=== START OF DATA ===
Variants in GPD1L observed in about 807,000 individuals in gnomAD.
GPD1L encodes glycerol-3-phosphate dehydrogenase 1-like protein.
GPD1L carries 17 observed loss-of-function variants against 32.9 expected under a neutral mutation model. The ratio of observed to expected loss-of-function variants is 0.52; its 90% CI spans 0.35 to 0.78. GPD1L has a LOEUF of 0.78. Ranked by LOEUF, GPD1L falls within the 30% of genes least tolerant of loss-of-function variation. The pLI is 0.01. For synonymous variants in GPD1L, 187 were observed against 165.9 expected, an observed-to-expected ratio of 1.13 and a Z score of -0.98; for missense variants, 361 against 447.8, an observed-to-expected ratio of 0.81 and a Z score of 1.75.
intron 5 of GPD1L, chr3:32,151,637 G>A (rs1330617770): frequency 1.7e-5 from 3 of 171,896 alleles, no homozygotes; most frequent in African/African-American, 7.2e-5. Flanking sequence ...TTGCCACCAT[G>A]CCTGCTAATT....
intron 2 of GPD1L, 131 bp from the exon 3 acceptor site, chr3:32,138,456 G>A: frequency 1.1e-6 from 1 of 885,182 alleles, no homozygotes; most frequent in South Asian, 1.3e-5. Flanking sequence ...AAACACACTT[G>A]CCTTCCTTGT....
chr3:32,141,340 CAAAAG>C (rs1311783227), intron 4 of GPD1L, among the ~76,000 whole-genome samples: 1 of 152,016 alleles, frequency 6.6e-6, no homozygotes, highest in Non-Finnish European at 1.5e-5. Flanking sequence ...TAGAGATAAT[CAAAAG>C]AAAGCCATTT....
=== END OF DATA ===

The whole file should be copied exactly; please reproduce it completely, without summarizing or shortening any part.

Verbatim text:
Variants in GPD1L observed in about 807,000 individuals in gnomAD.
GPD1L encodes glycerol-3-phosphate dehydrogenase 1-like protein.
GPD1L carries 17 observed loss-of-function variants against 32.9 expected under a neutral mutation model. The ratio of observed to expected loss-of-function variants is 0.52; its 90% CI spans 0.35 to 0.78. GPD1L has a LOEUF of 0.78. Ranked by LOEUF, GPD1L falls within the 30% of genes least tolerant of loss-of-function variation. The pLI is 0.01. For synonymous variants in GPD1L, 187 were observed against 165.9 expected, an observed-to-expected ratio of 1.13 and a Z score of -0.98; for missense variants, 361 against 447.8, an observed-to-expected ratio of 0.81 and a Z score of 1.75.
intron 5 of GPD1L, chr3:32,151,637 G>A (rs1330617770): frequency 1.7e-5 from 3 of 171,896 alleles, no homozygotes; most frequent in African/African-American, 7.2e-5. Flanking sequence ...TTGCCACCAT[G>A]CCTGCTAATT....
intron 2 of GPD1L, 131 bp from the exon 3 acceptor site, chr3:32,138,456 G>A: frequency 1.1e-6 from 1 of 885,182 alleles, no homozygotes; most frequent in South Asian, 1.3e-5. Flanking sequence ...AAACACACTT[G>A]CCTTCCTTGT....
chr3:32,141,340 CAAAAG>C (rs1311783227), intron 4 of GPD1L, among the ~76,000 whole-genome samples: 1 of 152,016 alleles, frequency 6.6e-6, no homozygotes, highest in Non-Finnish European at 1.5e-5. Flanking sequence ...TAGAGATAAT[CAAAAG>C]AAAGCCATTT....